Indicators of pain in neonates at risk for neurological impairment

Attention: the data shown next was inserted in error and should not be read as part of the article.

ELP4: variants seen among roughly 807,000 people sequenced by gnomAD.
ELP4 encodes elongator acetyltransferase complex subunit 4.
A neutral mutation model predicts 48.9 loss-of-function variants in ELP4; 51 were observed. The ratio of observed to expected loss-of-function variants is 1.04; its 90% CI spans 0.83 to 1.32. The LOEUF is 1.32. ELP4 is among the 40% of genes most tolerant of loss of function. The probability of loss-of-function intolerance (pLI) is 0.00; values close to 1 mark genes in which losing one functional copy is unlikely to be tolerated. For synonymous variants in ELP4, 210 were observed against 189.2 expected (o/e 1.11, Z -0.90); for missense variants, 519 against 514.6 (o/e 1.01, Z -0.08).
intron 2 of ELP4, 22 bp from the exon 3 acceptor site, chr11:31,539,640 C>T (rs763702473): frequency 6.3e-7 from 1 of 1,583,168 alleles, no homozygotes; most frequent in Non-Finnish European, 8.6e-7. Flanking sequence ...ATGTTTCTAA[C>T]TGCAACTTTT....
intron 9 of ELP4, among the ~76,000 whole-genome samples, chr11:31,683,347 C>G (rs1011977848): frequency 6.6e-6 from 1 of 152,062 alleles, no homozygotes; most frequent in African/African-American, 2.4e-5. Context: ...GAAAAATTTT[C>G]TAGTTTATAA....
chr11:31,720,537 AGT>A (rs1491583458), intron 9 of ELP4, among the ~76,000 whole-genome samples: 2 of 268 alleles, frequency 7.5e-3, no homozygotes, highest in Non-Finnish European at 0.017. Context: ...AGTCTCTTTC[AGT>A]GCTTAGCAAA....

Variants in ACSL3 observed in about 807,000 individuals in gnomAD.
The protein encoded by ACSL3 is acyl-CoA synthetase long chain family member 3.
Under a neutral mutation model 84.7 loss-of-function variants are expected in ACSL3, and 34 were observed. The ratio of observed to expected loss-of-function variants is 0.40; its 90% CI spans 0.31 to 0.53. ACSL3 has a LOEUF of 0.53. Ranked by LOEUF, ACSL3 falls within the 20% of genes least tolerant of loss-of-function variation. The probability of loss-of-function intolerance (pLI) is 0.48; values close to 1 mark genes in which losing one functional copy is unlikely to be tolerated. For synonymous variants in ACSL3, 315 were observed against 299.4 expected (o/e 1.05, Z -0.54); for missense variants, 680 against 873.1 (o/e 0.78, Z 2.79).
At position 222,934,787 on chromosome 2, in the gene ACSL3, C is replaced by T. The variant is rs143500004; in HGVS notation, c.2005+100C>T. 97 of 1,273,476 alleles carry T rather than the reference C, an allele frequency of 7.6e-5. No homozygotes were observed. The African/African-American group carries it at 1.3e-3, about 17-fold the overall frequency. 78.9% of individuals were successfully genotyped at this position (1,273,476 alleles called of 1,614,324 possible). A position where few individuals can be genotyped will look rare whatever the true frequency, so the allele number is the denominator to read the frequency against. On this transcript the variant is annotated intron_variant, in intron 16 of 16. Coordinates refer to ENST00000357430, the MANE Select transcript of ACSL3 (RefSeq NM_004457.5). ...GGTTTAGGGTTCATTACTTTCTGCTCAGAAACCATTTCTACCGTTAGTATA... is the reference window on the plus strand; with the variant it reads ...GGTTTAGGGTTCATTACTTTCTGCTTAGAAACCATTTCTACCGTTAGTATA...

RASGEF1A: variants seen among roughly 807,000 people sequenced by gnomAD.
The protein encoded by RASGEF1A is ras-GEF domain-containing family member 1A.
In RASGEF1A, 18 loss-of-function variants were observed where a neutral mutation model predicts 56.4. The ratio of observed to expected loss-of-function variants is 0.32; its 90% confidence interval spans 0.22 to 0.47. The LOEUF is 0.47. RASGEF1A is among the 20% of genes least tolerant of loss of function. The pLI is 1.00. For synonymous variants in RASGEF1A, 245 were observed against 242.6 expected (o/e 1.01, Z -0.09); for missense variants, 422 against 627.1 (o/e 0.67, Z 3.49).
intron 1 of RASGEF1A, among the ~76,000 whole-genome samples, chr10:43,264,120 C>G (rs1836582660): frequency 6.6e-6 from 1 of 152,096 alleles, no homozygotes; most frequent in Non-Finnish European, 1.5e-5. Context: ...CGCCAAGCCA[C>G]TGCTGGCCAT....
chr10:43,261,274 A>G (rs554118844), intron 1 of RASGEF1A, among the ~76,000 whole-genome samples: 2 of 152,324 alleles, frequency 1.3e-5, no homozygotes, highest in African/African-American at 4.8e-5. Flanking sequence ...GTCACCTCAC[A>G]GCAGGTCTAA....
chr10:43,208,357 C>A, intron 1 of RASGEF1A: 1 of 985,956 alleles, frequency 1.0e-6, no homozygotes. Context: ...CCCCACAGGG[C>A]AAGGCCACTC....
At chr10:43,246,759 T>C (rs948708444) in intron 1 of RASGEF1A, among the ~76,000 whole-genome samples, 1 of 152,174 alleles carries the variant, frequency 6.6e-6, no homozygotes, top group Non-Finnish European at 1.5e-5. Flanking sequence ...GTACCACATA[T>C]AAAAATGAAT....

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AIM: This paper is a report of a study to compare the importance and usefulness ratings of physiological and behavioural indicators of pain in neonates at risk for neurological impairment by nurse clinicians and pain researchers. BACKGROUND: Neonates at risk for neurological impairment have not been systematically included in neonatal pain measure development and how clinicians and researchers view pain indicators in these infants is unknown. METHODS: Data triangulation was undertaken in three Canadian Neonatal Intensive Care Units using data from: (a) 149 neonates at high, moderate and low risk for neurological impairment, (b) 95 nurse clinicians from the three units where infant data were collected and (c) 14 international pain researchers. Thirteen indicators were assessed following heel lance in neonates and 39 indicators generated from nurse clinicians and pain researchers were assessed for importance and accuracy. Data were collected between 2004 and 2005. RESULTS: Across risk groups, indicators with the highest accuracy for discriminating 'pain' among neonates were: brow bulge (77-83%), eye squeeze (75-84%), nasolabial furrow (79-81%), and total facial expression (78-83%). Correlations between nurse ratings and neonatal accuracy scores ranged from moderate to none (mild risk r = 0.52, P = 0.07; moderate r = 0.43, P = 0.15; high r = -0.12, P = 0.69). Researchers demonstrated a better understanding of the importance of pain indicators (mild risk, r = 0.91, P < 0.001; moderate 0.85, P < 0.001; 0.0002; high r = 0.64, P = 0.019) than nurse clinicians. CONCLUSION/DISCUSSION: Facial actions were rated as the most important indicators of neonatal pain. However, as neurological impairment risk increased, physiological indicators were rated more important by nurse clinicians and pain researchers, opposite to pain indicators demonstrated by neonates.
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